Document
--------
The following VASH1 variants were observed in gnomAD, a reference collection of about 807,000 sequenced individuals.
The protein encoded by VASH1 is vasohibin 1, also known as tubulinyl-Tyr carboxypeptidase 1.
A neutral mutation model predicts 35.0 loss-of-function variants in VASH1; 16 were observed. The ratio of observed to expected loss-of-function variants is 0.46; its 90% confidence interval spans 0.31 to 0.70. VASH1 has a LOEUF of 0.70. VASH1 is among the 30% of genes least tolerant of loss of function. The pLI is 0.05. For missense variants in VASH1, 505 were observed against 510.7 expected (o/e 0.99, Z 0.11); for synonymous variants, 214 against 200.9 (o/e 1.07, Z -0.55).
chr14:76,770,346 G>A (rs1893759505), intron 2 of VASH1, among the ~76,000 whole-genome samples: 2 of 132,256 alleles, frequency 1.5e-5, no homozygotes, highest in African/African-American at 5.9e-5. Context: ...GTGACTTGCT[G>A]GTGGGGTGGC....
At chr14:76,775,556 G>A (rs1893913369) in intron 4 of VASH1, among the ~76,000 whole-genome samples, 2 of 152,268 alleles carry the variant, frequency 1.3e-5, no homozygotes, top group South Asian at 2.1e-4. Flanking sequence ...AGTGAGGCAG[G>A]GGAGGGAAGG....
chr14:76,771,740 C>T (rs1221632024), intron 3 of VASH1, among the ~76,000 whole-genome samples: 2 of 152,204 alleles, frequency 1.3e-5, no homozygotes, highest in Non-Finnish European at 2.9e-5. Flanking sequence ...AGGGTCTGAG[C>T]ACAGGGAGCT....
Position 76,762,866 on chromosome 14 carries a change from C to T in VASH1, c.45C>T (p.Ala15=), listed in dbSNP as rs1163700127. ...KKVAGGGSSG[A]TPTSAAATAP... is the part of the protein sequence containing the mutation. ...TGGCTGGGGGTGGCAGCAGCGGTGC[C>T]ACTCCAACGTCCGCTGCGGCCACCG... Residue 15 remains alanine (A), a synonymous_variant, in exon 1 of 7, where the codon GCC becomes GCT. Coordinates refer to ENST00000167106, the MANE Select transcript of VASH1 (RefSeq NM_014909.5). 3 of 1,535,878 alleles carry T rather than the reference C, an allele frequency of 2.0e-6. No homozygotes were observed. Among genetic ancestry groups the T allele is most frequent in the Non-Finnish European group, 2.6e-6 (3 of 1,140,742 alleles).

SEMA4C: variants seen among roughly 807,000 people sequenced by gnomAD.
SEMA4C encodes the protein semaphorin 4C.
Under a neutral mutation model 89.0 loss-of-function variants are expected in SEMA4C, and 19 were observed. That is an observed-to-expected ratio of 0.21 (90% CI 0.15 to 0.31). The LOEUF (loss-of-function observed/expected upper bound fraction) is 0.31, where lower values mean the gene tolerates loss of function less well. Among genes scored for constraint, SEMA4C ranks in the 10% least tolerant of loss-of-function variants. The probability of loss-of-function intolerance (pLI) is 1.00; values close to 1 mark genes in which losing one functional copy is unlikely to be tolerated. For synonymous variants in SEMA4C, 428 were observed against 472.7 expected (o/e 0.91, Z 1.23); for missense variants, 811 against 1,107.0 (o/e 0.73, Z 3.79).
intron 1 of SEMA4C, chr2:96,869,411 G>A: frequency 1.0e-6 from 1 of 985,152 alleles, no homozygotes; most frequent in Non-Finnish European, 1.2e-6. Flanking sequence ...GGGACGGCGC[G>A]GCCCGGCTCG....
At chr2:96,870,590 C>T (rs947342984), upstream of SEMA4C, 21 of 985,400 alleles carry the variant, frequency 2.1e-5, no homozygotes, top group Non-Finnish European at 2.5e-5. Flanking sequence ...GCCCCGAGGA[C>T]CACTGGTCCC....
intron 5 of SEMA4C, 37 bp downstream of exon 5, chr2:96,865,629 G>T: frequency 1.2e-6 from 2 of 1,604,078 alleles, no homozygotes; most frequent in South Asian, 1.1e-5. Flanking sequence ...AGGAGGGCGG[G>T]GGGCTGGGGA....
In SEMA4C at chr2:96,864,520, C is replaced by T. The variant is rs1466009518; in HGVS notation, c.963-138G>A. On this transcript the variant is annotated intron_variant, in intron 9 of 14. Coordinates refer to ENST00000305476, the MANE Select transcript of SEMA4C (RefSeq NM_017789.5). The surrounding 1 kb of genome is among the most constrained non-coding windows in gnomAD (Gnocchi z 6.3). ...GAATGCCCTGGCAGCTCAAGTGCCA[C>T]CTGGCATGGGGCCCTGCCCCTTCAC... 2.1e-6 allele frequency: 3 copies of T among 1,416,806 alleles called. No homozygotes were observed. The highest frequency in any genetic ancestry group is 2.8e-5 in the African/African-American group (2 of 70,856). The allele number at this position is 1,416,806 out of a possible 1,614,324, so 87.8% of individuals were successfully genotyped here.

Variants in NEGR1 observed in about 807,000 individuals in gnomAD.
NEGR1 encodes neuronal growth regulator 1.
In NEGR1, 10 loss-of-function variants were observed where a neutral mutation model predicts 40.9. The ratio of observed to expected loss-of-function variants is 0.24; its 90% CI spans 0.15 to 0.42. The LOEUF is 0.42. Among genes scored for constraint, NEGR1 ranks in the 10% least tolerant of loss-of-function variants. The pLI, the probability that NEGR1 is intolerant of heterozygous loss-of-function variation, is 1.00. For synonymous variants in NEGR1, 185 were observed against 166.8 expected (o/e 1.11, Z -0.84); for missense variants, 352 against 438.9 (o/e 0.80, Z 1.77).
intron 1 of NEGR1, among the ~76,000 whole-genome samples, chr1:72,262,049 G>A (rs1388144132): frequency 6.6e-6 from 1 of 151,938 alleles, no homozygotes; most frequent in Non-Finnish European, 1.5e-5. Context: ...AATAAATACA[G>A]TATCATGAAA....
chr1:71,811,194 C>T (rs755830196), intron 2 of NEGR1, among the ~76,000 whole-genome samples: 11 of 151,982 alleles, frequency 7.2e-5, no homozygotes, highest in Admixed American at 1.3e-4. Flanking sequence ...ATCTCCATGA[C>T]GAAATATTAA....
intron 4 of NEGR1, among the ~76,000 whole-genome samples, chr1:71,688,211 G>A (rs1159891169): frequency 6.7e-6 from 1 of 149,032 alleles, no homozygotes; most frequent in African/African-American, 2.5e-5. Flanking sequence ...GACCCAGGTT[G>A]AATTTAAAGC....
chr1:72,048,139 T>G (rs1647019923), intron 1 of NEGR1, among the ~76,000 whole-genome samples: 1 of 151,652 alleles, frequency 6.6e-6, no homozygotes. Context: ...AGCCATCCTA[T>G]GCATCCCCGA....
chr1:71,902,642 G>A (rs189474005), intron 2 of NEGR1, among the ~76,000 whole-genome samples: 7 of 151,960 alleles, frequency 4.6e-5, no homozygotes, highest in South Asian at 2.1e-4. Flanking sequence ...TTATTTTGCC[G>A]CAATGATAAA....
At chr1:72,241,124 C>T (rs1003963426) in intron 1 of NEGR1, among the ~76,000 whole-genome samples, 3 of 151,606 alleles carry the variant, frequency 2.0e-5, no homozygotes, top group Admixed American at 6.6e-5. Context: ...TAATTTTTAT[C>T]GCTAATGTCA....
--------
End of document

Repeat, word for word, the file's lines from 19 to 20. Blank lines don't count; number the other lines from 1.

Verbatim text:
chr1:71,811,194 C>T (rs755830196), intron 2 of NEGR1, among the ~76,000 whole-genome samples: 11 of 151,982 alleles, frequency 7.2e-5, no homozygotes, highest in Admixed American at 1.3e-4. Flanking sequence ...ATCTCCATGA[C>T]GAAATATTAA....
intron 4 of NEGR1, among the ~76,000 whole-genome samples, chr1:71,688,211 G>A (rs1159891169): frequency 6.7e-6 from 1 of 149,032 alleles, no homozygotes; most frequent in African/African-American, 2.5e-5. Flanking sequence ...GACCCAGGTT[G>A]AATTTAAAGC....